20 April 2008

Religion 'is the new social evil'?

A new survey carried out by the Joseph Rowntree Foundation in the UK has sought to identify the so called 'social evils' in Britain entitled: What are today’s social evils? (pdf.)
Amazingly, for me, religion and the impact it has on society has been identified as being a major problem by the 3,500 respondents to the survey (or rather, as reported in the press - note).

I am wary of quoting figures and data, it is far too easy to use methods which ultimately don't give a true picture, are vague, misleading or have hidden paymasters who use surveys to promote products or ideas in order to make money or to prove a point.

The Joseph Rowntree Foundation have admitted that the survey results were not representative of all groups within the UK but were more than likely to have been weighted more towards white, middle-class residents - although they did try to target black people and other marginalised groups through social networking sites and online adverts.

Unfortunately, certain sectors of the press have leapt on the 'religion' angle and when you actually read the report it shows that of the 12 issues grouped as part of the coding process these 6 areas were considered primary:

1. Individualism, consumerism and a decline of community, 2. Drugs and alcohol, 3. A decline of values, 4. Families and young people, 5. Inequality and poverty, 6. Institutions, apathy and a democratic deficit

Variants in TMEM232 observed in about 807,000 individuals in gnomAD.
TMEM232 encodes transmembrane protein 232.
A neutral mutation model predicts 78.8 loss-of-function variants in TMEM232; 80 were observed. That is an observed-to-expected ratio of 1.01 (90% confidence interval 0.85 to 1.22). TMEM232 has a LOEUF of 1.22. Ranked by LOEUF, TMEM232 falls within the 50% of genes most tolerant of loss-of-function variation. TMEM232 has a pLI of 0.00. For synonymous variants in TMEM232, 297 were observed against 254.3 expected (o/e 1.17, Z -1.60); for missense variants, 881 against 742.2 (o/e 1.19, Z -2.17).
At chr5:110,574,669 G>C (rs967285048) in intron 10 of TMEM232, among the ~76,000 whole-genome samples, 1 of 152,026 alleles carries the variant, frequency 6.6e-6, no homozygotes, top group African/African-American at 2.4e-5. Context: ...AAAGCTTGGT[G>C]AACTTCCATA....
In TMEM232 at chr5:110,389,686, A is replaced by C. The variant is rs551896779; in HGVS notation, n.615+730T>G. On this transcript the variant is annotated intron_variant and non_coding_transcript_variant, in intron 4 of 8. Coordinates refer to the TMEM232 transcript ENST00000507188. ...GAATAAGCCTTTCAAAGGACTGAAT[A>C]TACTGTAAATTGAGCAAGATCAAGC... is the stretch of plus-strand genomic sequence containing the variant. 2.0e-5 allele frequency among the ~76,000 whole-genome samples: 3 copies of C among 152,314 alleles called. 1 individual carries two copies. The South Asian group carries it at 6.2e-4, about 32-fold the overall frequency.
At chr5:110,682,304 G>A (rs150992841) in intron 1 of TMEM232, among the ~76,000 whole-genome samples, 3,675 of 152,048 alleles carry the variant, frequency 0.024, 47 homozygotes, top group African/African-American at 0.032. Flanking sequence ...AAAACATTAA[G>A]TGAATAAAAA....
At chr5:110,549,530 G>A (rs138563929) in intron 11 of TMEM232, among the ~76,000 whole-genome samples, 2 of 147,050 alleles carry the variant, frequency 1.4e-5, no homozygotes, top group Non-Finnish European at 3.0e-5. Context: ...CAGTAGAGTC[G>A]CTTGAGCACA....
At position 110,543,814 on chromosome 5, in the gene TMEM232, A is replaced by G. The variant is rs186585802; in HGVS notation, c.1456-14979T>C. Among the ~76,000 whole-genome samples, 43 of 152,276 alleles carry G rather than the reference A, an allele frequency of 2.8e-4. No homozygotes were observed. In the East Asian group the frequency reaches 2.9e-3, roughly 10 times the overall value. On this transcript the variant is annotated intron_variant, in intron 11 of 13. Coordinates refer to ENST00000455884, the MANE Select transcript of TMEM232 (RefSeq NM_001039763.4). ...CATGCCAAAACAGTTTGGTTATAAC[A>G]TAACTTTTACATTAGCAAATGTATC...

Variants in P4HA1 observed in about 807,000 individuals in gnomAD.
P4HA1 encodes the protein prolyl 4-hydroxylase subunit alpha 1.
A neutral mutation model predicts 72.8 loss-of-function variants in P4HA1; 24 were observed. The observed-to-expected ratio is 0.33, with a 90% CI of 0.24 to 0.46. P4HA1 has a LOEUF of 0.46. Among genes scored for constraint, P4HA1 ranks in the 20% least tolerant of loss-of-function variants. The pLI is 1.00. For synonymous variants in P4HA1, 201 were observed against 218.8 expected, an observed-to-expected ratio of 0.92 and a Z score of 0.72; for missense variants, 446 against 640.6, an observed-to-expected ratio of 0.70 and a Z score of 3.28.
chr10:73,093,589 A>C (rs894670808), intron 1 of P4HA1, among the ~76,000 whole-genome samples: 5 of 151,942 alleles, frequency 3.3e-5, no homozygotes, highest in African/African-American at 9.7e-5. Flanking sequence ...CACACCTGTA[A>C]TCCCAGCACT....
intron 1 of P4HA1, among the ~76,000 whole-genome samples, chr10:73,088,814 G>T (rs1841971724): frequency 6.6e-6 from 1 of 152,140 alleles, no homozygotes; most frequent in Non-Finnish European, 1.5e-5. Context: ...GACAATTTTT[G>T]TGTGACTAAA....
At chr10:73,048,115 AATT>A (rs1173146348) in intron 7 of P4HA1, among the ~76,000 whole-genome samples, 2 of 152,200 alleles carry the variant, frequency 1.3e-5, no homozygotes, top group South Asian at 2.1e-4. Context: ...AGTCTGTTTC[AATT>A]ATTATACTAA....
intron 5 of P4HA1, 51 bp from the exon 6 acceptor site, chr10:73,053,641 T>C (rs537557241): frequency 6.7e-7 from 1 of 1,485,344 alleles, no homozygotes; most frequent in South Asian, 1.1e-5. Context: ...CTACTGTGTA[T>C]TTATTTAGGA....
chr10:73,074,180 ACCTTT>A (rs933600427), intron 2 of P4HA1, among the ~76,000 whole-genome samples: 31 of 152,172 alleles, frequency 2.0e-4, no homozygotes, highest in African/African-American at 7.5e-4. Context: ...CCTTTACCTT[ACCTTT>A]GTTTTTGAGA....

The next 6 were:

7. Violence and crime, 8. Gender inequality, 9. Religion, 10. Social diversity, immigration and intolerance, 11. Health and care, 12. Environmental issues

I think it would have been more useful for journalists to extrapolate the information in an intelligent way (i.e. first of all reading the report?) rather than search/scan for headline-grabbers. They somehow appear shocked that people have had a negative comment about religion. Anyone reading the report may have the same view as I do, whether believer or non-believer.

Some respondents stated that religion and belief in the supernatural has the ability and often does create division within societies and whips up hatred from one group to another. Others that state funding for religious educational establishments should end.

It is heartening to know that people, from a homeless man on the street to a company director, can and do use the power of their voice to share their experiences and ideas which may enable the UK to move forward without historical religious baggage blinding our future path.

I don't want to use any information to score points - not even if it appears to support my argument, but hopefully this will inspire someone somewhere to conduct a more credible survey of these issues, primarily in the area of religion, sometime soon.

Whenever we read the obscene stories, the voluptuous debaucheries, the cruel and torturous executions, the unrelenting vindictiveness, with which more than half the Bible is filled, it would be more consistent that we called it the word of a demon than the Word of God. It is a history of wickedness that has served to corrupt and brutalize
mankind; and for my own part, I sincerely detest it, as I detest everything that
is cruel. -- Thomas Paine, The Age of Reason (1794)

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